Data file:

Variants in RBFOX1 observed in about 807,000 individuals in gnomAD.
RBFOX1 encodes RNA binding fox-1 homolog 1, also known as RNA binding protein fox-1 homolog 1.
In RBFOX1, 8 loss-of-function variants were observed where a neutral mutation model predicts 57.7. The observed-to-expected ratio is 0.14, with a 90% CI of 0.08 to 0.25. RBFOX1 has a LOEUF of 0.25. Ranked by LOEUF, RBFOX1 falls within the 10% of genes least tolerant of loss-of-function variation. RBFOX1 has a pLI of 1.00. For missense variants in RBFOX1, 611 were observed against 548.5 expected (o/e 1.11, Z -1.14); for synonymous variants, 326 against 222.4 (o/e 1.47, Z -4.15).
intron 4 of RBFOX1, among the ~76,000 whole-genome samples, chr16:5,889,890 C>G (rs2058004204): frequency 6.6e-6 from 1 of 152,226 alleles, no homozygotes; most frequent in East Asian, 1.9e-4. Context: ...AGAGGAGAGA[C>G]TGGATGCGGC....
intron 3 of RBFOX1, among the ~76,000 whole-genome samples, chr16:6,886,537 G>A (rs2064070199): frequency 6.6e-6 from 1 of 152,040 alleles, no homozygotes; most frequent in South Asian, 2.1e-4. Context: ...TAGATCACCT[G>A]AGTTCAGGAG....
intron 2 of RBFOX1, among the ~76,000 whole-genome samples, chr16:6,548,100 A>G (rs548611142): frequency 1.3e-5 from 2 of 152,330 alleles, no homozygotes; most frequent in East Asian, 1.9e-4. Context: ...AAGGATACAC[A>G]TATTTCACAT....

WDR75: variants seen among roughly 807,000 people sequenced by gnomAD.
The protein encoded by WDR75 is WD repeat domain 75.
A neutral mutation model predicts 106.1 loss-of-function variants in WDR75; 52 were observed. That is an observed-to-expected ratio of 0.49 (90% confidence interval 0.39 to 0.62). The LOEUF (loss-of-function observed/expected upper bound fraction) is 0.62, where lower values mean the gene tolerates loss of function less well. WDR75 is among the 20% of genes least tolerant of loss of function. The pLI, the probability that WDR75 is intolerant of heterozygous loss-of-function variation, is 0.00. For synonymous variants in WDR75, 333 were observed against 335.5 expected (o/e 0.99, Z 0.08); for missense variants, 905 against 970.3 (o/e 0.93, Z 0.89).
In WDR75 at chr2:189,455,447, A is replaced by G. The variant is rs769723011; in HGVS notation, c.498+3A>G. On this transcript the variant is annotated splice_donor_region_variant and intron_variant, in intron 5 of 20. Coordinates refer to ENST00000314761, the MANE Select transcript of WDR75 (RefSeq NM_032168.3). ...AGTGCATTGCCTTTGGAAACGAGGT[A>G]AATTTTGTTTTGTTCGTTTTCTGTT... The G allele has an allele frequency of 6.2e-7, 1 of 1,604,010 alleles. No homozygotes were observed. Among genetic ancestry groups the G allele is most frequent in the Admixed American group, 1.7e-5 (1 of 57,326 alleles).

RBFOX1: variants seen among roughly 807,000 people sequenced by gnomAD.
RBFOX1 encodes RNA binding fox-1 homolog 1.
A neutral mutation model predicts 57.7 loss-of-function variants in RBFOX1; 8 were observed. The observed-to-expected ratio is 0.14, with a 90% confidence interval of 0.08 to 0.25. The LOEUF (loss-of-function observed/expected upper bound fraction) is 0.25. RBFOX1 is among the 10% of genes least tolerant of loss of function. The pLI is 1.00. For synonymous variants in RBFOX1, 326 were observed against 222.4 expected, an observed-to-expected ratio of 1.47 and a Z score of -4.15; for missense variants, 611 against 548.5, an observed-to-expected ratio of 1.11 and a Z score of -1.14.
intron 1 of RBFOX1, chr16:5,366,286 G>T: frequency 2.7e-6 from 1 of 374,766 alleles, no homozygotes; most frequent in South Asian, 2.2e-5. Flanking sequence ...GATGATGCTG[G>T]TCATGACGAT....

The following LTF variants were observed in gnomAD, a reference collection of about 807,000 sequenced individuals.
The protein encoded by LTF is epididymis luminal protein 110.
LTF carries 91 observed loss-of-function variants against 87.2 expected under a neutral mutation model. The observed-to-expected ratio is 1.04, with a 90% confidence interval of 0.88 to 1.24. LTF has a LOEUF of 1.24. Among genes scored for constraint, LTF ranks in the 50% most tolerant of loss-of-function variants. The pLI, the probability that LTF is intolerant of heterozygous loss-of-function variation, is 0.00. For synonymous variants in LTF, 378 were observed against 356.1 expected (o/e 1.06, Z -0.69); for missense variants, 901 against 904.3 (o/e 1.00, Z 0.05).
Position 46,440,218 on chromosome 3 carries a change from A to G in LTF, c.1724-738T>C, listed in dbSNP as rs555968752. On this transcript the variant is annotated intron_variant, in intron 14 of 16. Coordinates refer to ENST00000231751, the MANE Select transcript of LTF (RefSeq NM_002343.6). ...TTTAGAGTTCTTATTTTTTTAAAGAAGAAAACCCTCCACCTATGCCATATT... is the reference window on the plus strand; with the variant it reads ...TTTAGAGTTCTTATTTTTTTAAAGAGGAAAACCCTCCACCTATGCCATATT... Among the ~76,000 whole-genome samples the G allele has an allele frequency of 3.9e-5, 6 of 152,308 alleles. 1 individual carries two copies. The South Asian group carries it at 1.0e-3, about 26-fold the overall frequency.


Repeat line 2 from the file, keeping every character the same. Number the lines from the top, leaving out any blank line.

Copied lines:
RBFOX1 encodes RNA binding fox-1 homolog 1, also known as RNA binding protein fox-1 homolog 1.